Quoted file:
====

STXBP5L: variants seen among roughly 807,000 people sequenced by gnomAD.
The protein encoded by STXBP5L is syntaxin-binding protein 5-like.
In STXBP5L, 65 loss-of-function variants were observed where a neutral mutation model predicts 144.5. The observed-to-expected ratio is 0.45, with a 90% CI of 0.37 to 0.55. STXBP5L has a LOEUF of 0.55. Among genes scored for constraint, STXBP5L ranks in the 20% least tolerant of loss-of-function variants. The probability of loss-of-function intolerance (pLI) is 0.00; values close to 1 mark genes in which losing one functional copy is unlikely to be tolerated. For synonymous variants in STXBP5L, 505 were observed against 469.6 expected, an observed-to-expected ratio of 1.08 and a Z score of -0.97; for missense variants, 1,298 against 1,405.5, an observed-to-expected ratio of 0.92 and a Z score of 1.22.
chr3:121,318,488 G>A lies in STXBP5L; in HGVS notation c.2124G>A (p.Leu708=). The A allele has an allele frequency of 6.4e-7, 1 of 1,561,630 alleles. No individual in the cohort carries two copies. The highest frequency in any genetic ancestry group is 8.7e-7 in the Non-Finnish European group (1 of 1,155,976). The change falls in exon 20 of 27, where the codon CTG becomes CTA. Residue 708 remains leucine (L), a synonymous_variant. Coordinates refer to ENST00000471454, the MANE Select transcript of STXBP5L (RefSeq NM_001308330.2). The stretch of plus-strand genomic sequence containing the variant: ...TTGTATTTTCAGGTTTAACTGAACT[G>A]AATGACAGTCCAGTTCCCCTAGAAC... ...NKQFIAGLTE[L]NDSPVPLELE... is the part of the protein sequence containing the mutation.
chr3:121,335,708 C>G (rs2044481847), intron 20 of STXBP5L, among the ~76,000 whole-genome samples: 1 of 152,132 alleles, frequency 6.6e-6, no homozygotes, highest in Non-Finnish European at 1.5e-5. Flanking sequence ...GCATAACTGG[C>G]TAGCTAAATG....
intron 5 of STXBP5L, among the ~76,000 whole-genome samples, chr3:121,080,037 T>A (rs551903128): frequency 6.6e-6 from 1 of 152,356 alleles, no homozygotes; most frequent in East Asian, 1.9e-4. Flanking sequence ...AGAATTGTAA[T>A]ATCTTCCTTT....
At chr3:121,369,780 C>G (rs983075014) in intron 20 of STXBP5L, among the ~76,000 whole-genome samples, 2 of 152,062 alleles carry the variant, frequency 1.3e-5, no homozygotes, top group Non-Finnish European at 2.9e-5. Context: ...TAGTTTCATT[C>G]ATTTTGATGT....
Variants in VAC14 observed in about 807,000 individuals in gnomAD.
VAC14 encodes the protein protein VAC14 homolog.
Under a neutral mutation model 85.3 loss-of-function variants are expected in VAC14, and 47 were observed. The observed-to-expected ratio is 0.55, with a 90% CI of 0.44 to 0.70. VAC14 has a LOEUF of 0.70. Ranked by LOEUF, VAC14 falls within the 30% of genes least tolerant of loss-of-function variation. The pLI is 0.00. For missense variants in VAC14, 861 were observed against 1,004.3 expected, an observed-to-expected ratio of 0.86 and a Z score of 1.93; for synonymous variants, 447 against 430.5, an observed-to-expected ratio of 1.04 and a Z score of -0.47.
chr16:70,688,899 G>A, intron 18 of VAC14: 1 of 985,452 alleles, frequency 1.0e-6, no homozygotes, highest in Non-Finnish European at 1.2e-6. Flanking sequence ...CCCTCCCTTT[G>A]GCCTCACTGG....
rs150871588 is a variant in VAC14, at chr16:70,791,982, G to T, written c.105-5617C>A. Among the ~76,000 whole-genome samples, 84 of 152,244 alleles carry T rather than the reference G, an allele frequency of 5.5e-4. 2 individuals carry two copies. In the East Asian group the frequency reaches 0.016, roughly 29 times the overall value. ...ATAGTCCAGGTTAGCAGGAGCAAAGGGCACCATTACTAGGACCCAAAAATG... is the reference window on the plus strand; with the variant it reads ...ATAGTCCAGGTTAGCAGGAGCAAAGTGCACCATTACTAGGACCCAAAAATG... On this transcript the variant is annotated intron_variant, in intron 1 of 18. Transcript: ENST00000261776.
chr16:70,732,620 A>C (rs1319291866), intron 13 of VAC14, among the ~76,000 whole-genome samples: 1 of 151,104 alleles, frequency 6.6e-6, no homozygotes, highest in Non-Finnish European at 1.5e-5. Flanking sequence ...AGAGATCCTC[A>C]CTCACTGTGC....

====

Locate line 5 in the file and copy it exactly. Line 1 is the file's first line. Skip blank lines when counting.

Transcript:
chr3:121,335,708 C>G (rs2044481847), intron 20 of STXBP5L, among the ~76,000 whole-genome samples: 1 of 152,132 alleles, frequency 6.6e-6, no homozygotes, highest in Non-Finnish European at 1.5e-5. Flanking sequence ...GCATAACTGG[C>G]TAGCTAAATG....